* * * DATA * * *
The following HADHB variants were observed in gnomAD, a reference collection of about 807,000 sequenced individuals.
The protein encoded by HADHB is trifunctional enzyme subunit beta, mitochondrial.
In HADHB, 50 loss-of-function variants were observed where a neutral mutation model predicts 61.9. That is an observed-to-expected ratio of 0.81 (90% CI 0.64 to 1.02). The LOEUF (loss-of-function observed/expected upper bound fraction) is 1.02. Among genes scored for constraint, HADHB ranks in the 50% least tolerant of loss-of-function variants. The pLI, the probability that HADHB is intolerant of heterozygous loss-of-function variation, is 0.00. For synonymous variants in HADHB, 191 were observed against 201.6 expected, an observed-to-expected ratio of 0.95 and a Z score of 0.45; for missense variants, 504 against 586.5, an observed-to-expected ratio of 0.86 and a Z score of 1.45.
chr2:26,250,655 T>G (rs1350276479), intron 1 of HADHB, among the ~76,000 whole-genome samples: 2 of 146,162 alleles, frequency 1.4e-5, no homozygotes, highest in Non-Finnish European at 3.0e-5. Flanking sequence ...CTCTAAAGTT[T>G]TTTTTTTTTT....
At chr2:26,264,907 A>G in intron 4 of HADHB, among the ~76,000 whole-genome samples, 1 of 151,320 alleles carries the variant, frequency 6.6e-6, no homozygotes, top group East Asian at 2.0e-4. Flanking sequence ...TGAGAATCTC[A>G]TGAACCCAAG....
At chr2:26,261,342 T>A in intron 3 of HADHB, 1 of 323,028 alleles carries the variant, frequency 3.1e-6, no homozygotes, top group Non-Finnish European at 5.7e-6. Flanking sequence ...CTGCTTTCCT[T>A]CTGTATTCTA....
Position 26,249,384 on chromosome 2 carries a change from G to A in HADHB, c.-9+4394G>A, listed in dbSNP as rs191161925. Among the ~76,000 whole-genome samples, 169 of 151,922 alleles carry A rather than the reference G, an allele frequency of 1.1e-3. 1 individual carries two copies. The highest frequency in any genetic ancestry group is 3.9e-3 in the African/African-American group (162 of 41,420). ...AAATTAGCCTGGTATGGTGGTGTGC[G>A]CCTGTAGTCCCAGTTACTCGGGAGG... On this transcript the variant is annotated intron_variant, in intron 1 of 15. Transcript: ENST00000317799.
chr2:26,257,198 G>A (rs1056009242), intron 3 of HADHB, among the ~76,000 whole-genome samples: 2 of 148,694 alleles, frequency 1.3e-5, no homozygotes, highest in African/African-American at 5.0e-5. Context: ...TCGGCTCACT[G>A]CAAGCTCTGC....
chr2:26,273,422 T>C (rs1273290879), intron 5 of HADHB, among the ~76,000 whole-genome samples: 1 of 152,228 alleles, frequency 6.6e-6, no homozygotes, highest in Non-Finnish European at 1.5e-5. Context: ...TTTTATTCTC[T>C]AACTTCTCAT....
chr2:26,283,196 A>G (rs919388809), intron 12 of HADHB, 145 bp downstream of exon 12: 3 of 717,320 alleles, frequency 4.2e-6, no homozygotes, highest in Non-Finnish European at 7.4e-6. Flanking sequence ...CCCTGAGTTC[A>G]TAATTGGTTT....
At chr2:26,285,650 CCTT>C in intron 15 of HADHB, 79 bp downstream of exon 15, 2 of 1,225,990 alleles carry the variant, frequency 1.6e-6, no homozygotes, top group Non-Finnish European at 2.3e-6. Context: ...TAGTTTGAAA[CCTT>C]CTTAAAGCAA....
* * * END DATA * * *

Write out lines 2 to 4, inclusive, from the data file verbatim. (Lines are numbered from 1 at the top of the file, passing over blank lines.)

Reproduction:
The protein encoded by HADHB is trifunctional enzyme subunit beta, mitochondrial.
In HADHB, 50 loss-of-function variants were observed where a neutral mutation model predicts 61.9. That is an observed-to-expected ratio of 0.81 (90% CI 0.64 to 1.02). The LOEUF (loss-of-function observed/expected upper bound fraction) is 1.02. Among genes scored for constraint, HADHB ranks in the 50% least tolerant of loss-of-function variants. The pLI, the probability that HADHB is intolerant of heterozygous loss-of-function variation, is 0.00. For synonymous variants in HADHB, 191 were observed against 201.6 expected, an observed-to-expected ratio of 0.95 and a Z score of 0.45; for missense variants, 504 against 586.5, an observed-to-expected ratio of 0.86 and a Z score of 1.45.
chr2:26,250,655 T>G (rs1350276479), intron 1 of HADHB, among the ~76,000 whole-genome samples: 2 of 146,162 alleles, frequency 1.4e-5, no homozygotes, highest in Non-Finnish European at 3.0e-5. Flanking sequence ...CTCTAAAGTT[T>G]TTTTTTTTTT....